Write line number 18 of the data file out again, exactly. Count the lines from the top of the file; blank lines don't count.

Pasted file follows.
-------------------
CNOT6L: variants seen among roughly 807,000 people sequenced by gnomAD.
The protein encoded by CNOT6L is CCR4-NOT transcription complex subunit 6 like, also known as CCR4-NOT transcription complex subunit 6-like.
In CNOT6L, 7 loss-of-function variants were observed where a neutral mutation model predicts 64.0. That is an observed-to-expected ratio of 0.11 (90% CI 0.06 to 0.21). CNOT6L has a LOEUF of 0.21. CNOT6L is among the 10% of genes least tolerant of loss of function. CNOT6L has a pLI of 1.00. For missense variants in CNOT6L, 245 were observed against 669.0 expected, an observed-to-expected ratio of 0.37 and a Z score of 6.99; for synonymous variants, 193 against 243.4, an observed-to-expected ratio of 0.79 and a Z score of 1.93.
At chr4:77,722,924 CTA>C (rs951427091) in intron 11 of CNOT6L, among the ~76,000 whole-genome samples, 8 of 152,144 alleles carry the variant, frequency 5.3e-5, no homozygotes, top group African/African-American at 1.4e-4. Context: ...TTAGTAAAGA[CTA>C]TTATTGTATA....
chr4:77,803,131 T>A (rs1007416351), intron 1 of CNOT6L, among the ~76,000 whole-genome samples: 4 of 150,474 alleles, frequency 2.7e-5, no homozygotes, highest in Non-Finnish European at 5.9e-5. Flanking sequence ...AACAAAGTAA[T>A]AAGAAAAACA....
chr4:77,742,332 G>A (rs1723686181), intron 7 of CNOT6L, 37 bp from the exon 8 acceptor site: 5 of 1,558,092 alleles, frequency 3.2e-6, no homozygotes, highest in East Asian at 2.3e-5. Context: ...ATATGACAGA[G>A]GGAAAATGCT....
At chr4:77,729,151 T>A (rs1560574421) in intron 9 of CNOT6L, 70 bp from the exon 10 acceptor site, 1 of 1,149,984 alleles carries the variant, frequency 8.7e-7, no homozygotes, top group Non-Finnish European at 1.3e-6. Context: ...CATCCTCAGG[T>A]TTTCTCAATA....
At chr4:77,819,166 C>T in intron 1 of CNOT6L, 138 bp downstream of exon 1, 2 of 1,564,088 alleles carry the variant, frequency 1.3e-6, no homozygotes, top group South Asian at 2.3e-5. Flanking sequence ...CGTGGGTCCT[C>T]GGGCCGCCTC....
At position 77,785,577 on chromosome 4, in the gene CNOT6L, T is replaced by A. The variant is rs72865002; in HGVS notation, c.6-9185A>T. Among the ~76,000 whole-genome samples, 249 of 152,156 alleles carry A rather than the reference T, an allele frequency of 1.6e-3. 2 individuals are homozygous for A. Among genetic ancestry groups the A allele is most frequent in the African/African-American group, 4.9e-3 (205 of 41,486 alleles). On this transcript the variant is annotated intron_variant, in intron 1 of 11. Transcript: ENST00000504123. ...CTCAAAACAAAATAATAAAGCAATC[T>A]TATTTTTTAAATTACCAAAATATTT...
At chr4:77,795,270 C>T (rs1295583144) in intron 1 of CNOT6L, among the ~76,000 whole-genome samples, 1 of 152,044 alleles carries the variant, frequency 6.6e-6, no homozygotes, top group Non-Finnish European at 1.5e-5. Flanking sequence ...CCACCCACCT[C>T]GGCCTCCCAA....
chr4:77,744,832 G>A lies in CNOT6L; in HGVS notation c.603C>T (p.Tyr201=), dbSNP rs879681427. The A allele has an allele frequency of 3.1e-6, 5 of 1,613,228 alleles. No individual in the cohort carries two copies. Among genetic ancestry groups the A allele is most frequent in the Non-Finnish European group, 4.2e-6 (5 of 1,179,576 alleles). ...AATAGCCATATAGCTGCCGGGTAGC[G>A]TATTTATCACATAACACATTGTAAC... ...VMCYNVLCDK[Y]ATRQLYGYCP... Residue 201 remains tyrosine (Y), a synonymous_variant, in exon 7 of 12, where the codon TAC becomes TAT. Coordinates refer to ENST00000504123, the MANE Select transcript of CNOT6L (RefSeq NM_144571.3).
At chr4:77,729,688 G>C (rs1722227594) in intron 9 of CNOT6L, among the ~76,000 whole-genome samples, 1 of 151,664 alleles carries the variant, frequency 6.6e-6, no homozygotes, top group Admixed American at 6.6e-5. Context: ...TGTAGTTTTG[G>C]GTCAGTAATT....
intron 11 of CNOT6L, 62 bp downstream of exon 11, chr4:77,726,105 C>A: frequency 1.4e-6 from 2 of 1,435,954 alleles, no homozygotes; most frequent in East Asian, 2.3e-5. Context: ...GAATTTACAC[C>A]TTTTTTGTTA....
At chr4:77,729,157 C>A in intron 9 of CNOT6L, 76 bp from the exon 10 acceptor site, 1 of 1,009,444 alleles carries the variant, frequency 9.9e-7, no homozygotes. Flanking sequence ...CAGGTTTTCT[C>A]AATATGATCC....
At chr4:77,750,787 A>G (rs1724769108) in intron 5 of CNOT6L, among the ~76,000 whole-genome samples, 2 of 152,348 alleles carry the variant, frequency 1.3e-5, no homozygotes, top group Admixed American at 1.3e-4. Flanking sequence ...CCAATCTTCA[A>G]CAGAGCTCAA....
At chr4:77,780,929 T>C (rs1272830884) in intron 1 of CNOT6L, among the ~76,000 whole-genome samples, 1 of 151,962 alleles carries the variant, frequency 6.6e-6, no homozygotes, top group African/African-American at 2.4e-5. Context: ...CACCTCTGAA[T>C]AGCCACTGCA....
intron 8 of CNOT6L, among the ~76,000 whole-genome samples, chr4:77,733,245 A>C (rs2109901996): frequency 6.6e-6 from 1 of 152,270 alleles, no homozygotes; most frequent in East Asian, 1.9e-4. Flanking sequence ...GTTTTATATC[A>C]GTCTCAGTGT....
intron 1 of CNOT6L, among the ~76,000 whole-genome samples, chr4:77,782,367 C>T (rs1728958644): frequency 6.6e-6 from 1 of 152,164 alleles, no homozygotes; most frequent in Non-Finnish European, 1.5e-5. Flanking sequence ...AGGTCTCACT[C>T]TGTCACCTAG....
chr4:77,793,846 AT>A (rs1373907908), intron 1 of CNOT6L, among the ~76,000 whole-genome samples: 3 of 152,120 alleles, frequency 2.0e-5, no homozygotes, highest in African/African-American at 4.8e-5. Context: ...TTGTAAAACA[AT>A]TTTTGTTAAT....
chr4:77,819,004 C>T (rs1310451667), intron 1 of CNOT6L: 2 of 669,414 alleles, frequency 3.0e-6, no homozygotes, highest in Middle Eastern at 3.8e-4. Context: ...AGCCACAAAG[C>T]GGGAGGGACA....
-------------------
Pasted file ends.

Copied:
intron 1 of CNOT6L, among the ~76,000 whole-genome samples, chr4:77,782,367 C>T (rs1728958644): frequency 6.6e-6 from 1 of 152,164 alleles, no homozygotes; most frequent in Non-Finnish European, 1.5e-5. Flanking sequence ...AGGTCTCACT[C>T]TGTCACCTAG....